Two new books offer hope for our aquatic future.
By Ben Goldfarb
(Photo: Mark Land/Flickr)
Although the American Southwest has been squabbling over water since farmers first plowed California’s deserts, it wasn’t until 1986 that chronicling scarcity become its own literary genre. That’s the year environmental journalist Marc Reisner published Cadillac Desert, his ür-text on the mismanagement of the Colorado River. Reisner’s exposé depicted a region locked in Machiavellian rivalry: Conflict over finite water supplies pitted feds against states, agriculture against cities, and nature against everybody. The system had become so altered and overdrawn that environmental collapse seemed nigh. In the West, Reisner wrote, “where water is concerned, logic and reasoning have never figured prominently in the scheme of things.”
From one angle, the river is today on the verge of realizing Reisner’s prophecies. California, the thirstiest state in the Colorado River watershed, has been locked in drought for a half-decade, forcing draconian cuts to residential and agricultural water usage in 2015. Though many restrictions have since been relaxed, Lake Mead, the reservoir that feeds the lower basin, remains more than 150 feet below capacity, leaving behind a sad, chalky bathtub ring. Reisnerian angst has permeated discourse beyond the Colorado too: Earlier this year, Pacific Standard’s special water issue included stories on disappearing sea ice, drought refugees, and dead zones. The stories we tell about water harp on its disappearance, misuse, or degradation.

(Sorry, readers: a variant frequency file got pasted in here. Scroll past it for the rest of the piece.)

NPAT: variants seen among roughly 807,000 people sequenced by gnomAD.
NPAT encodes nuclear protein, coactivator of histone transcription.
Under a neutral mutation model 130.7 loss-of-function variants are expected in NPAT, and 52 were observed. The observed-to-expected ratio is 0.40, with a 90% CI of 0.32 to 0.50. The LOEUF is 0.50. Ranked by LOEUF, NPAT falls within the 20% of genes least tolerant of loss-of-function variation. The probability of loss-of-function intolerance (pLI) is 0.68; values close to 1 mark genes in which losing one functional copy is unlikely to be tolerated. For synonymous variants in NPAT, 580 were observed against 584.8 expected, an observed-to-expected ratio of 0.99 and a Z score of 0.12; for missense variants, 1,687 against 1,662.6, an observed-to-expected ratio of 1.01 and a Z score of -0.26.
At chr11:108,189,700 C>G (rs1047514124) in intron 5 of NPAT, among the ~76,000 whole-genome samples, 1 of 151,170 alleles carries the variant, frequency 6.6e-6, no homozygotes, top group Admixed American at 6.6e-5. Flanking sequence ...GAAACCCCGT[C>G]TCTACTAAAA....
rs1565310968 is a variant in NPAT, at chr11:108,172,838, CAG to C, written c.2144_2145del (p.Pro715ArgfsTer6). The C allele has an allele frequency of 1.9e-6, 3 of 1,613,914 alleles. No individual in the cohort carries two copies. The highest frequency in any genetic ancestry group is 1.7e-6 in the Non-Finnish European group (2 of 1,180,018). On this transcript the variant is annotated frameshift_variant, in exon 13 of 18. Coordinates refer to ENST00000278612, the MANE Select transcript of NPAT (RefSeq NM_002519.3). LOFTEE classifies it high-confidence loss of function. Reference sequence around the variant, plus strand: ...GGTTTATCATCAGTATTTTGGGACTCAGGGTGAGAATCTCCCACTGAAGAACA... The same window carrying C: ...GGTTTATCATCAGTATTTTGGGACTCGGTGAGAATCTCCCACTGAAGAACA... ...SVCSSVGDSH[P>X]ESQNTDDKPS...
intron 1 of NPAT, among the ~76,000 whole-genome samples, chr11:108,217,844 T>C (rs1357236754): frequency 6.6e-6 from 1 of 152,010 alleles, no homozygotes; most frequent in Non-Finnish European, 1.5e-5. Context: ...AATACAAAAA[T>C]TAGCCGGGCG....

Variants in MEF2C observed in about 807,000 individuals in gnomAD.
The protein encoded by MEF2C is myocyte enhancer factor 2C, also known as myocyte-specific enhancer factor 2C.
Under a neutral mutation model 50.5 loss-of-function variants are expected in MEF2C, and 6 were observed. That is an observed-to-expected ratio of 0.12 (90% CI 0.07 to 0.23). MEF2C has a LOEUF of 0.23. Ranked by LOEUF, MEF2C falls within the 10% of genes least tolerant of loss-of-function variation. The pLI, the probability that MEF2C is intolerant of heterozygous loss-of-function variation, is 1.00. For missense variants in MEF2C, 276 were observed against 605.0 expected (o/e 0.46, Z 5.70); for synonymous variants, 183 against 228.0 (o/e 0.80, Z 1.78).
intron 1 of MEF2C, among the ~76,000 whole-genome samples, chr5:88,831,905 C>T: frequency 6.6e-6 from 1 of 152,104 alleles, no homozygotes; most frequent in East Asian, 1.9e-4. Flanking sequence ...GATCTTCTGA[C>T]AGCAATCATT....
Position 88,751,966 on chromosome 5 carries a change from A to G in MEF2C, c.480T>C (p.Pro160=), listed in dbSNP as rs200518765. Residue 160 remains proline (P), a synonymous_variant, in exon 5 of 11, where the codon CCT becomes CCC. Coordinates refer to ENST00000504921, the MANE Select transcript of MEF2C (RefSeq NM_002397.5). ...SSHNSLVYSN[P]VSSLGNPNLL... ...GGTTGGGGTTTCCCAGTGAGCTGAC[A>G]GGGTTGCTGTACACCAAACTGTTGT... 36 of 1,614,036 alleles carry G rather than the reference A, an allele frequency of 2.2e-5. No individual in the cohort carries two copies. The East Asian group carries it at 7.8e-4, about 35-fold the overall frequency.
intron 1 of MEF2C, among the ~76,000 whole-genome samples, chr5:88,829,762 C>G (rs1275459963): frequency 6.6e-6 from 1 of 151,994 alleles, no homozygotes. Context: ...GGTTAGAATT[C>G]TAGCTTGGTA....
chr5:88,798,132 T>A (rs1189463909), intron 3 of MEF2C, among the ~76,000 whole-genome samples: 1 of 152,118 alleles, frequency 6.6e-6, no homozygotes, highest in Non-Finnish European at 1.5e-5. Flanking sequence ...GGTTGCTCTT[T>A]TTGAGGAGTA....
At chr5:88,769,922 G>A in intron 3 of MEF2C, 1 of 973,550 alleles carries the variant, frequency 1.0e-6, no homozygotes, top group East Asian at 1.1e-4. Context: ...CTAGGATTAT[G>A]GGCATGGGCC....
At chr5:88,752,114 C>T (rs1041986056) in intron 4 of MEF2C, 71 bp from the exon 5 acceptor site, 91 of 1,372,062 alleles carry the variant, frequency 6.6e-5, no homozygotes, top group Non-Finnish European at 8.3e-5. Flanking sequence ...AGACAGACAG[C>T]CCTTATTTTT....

Burbling beneath the doomsaying like a subterranean aquifer, however, is a countervailing current of post-Reisner hope. For all our water challenges, there are an equal number of solutions — and although you wouldn’t know it from reading some of the headlines, they’re already being implemented. Or so goes the provocative argument of two new books: John Fleck’s Water Is for Fighting Over: And Other Myths About Water in the West and Judith Schwartz’s Water in Plain Sight: Hope for a Thirsty World. Together, these two works herald a new genre, one less focused on catastrophe than on innovation. Let’s call it water optimism (or, since this is 2016, #WaterOptimism).
The antagonism chronicled in Cadillac Desert has evolved — motivated, perhaps, by Reisner’s critique — into a web of uneasy partnerships between cities, states, feds, and farmers. Crisis has birthed cooperation.
Fleck, a New Mexico-based environmental journalist, comes by his water optimism honestly. Although reading Reisnerprepared him for catastrophe, a quarter-century of reporting for the Albuquerque Journal exposed him to a more hopeful narrative. “Far from the punishment of an indignant God, I found instead a remarkable adaptability,” Fleck writes. As water supplies dwindled, so did usage: “In the midst of the drought, Albuquerque cut its per capita water use nearly in half, and the great aquifer beneath the city actually began rising.” Everywhere he looked, Fleck met farmers switching to hardier crops, urban managers re-using sewage, and bureaucrats constructing elaborate water-saving bargains. The antagonism chronicled in Cadillac Desert had evolved — motivated, perhaps, by Reisner’s critique — into a web of uneasy partnerships between cities, states, feds, and farmers. Crisis had birthed cooperation.